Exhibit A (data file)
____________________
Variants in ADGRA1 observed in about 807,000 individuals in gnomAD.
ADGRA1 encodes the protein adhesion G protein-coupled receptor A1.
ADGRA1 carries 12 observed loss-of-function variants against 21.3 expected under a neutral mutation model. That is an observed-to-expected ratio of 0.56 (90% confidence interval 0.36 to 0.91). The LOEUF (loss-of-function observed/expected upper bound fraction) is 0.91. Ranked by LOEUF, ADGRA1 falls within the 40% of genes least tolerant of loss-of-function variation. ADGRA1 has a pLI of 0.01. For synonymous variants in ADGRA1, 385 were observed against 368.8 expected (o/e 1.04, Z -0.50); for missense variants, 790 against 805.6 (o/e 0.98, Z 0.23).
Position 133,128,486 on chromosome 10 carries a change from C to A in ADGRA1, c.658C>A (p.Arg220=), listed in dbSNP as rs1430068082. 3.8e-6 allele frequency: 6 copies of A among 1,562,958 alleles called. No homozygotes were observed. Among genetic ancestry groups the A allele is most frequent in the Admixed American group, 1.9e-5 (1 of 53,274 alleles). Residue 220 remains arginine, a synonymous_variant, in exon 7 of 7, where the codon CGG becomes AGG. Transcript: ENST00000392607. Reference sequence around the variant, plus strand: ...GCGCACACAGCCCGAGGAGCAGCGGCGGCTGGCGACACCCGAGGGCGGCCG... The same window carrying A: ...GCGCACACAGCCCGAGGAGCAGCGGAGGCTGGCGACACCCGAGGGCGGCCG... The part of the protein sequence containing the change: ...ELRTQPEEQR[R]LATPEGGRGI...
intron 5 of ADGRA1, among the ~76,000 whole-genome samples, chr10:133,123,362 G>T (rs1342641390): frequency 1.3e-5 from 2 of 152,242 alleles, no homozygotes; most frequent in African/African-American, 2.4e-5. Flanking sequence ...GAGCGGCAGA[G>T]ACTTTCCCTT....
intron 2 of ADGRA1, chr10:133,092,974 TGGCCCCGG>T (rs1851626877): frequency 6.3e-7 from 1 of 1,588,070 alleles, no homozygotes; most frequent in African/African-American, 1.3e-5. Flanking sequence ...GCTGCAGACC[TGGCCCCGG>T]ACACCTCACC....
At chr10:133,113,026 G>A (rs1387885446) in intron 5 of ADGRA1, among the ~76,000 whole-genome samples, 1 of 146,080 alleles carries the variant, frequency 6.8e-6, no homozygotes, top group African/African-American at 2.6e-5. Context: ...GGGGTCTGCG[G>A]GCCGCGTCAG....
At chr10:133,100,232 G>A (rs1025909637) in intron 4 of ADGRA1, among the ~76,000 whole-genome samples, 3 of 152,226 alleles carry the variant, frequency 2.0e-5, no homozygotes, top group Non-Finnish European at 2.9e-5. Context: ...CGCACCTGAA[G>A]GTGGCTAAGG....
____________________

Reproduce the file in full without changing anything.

Variants in ADGRA1 observed in about 807,000 individuals in gnomAD.
ADGRA1 encodes the protein adhesion G protein-coupled receptor A1.
ADGRA1 carries 12 observed loss-of-function variants against 21.3 expected under a neutral mutation model. That is an observed-to-expected ratio of 0.56 (90% confidence interval 0.36 to 0.91). The LOEUF (loss-of-function observed/expected upper bound fraction) is 0.91. Ranked by LOEUF, ADGRA1 falls within the 40% of genes least tolerant of loss-of-function variation. ADGRA1 has a pLI of 0.01. For synonymous variants in ADGRA1, 385 were observed against 368.8 expected (o/e 1.04, Z -0.50); for missense variants, 790 against 805.6 (o/e 0.98, Z 0.23).
Position 133,128,486 on chromosome 10 carries a change from C to A in ADGRA1, c.658C>A (p.Arg220=), listed in dbSNP as rs1430068082. 3.8e-6 allele frequency: 6 copies of A among 1,562,958 alleles called. No homozygotes were observed. Among genetic ancestry groups the A allele is most frequent in the Admixed American group, 1.9e-5 (1 of 53,274 alleles). Residue 220 remains arginine, a synonymous_variant, in exon 7 of 7, where the codon CGG becomes AGG. Transcript: ENST00000392607. Reference sequence around the variant, plus strand: ...GCGCACACAGCCCGAGGAGCAGCGGCGGCTGGCGACACCCGAGGGCGGCCG... The same window carrying A: ...GCGCACACAGCCCGAGGAGCAGCGGAGGCTGGCGACACCCGAGGGCGGCCG... The part of the protein sequence containing the change: ...ELRTQPEEQR[R]LATPEGGRGI...
intron 5 of ADGRA1, among the ~76,000 whole-genome samples, chr10:133,123,362 G>T (rs1342641390): frequency 1.3e-5 from 2 of 152,242 alleles, no homozygotes; most frequent in African/African-American, 2.4e-5. Flanking sequence ...GAGCGGCAGA[G>T]ACTTTCCCTT....
intron 2 of ADGRA1, chr10:133,092,974 TGGCCCCGG>T (rs1851626877): frequency 6.3e-7 from 1 of 1,588,070 alleles, no homozygotes; most frequent in African/African-American, 1.3e-5. Flanking sequence ...GCTGCAGACC[TGGCCCCGG>T]ACACCTCACC....
At chr10:133,113,026 G>A (rs1387885446) in intron 5 of ADGRA1, among the ~76,000 whole-genome samples, 1 of 146,080 alleles carries the variant, frequency 6.8e-6, no homozygotes, top group African/African-American at 2.6e-5. Context: ...GGGGTCTGCG[G>A]GCCGCGTCAG....
At chr10:133,100,232 G>A (rs1025909637) in intron 4 of ADGRA1, among the ~76,000 whole-genome samples, 3 of 152,226 alleles carry the variant, frequency 2.0e-5, no homozygotes, top group Non-Finnish European at 2.9e-5. Context: ...CGCACCTGAA[G>A]GTGGCTAAGG....